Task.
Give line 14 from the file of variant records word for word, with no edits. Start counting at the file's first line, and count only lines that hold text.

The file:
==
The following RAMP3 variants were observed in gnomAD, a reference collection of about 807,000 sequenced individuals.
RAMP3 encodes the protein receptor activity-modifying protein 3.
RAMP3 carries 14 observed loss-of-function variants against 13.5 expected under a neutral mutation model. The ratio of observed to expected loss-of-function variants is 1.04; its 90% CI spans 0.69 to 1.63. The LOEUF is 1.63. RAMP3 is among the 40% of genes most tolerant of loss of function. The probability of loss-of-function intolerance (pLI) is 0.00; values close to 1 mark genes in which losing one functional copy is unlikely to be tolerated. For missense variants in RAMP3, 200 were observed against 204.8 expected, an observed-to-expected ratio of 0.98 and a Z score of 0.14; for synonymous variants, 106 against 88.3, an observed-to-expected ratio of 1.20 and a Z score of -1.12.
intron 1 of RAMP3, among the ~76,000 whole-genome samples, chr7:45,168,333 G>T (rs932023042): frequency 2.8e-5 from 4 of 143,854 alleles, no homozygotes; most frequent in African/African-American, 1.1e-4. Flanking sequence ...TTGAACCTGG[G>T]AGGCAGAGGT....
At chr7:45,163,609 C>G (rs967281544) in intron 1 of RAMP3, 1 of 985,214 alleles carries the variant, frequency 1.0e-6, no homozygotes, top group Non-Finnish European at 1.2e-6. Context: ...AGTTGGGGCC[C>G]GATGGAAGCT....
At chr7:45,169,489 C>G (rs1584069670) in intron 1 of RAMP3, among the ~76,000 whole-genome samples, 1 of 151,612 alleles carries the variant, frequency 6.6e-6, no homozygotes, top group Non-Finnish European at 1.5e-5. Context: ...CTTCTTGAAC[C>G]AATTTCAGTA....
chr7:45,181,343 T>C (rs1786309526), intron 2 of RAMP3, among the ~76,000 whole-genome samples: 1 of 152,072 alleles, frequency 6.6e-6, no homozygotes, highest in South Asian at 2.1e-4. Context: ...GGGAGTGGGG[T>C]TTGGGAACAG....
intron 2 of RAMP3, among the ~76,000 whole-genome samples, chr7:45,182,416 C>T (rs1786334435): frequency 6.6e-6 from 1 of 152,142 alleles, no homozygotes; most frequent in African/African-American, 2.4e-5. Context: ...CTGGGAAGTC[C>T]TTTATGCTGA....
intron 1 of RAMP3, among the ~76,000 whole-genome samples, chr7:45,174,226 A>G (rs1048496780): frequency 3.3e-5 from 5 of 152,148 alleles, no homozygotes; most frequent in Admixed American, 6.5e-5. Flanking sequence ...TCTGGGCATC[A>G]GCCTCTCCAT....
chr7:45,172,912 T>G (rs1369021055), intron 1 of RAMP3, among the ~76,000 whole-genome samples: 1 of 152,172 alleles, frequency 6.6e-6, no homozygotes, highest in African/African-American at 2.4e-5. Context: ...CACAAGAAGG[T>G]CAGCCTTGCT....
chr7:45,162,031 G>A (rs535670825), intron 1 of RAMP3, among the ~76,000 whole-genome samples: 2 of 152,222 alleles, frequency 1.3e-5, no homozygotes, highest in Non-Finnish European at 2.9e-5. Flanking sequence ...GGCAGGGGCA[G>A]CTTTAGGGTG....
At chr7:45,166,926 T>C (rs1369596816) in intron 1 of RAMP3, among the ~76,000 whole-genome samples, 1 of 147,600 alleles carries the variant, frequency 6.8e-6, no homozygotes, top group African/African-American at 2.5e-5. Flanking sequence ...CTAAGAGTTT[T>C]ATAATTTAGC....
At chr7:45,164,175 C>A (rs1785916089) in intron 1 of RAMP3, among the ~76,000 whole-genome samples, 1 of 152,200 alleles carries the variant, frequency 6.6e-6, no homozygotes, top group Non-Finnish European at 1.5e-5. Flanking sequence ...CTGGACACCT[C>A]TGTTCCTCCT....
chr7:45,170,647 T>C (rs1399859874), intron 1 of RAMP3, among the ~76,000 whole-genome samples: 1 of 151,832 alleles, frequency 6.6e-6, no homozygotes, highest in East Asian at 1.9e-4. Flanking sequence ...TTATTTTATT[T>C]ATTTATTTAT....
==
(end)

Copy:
chr7:45,170,647 T>C (rs1399859874), intron 1 of RAMP3, among the ~76,000 whole-genome samples: 1 of 151,832 alleles, frequency 6.6e-6, no homozygotes, highest in East Asian at 1.9e-4. Flanking sequence ...TTATTTTATT[T>C]ATTTATTTAT....